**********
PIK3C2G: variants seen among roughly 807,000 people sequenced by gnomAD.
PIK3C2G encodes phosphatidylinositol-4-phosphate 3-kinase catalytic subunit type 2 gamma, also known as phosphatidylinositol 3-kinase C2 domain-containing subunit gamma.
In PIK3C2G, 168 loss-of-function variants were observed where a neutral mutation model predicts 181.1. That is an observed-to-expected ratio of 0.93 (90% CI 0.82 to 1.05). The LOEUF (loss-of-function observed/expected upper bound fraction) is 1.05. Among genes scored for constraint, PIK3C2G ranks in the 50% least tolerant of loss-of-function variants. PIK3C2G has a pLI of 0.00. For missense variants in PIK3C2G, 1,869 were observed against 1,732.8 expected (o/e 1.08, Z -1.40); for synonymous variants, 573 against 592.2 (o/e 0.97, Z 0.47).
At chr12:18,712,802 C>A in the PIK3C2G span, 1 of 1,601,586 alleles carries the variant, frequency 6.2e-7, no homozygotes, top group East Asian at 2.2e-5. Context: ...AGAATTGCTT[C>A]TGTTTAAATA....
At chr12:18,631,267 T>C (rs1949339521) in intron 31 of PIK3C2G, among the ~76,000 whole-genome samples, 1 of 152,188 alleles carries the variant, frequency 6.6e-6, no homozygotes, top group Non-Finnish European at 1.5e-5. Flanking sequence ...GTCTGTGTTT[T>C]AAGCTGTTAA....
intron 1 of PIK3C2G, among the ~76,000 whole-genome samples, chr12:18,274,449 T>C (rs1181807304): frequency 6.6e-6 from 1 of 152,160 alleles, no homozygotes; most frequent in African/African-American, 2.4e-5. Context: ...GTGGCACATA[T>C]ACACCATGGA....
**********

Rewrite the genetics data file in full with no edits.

PIK3C2G: variants seen among roughly 807,000 people sequenced by gnomAD.
PIK3C2G encodes phosphatidylinositol-4-phosphate 3-kinase catalytic subunit type 2 gamma, also known as phosphatidylinositol 3-kinase C2 domain-containing subunit gamma.
In PIK3C2G, 168 loss-of-function variants were observed where a neutral mutation model predicts 181.1. That is an observed-to-expected ratio of 0.93 (90% CI 0.82 to 1.05). The LOEUF (loss-of-function observed/expected upper bound fraction) is 1.05. Among genes scored for constraint, PIK3C2G ranks in the 50% least tolerant of loss-of-function variants. PIK3C2G has a pLI of 0.00. For missense variants in PIK3C2G, 1,869 were observed against 1,732.8 expected (o/e 1.08, Z -1.40); for synonymous variants, 573 against 592.2 (o/e 0.97, Z 0.47).
At chr12:18,712,802 C>A in the PIK3C2G span, 1 of 1,601,586 alleles carries the variant, frequency 6.2e-7, no homozygotes, top group East Asian at 2.2e-5. Context: ...AGAATTGCTT[C>A]TGTTTAAATA....
At chr12:18,631,267 T>C (rs1949339521) in intron 31 of PIK3C2G, among the ~76,000 whole-genome samples, 1 of 152,188 alleles carries the variant, frequency 6.6e-6, no homozygotes, top group Non-Finnish European at 1.5e-5. Flanking sequence ...GTCTGTGTTT[T>C]AAGCTGTTAA....
intron 1 of PIK3C2G, among the ~76,000 whole-genome samples, chr12:18,274,449 T>C (rs1181807304): frequency 6.6e-6 from 1 of 152,160 alleles, no homozygotes; most frequent in African/African-American, 2.4e-5. Context: ...GTGGCACATA[T>C]ACACCATGGA....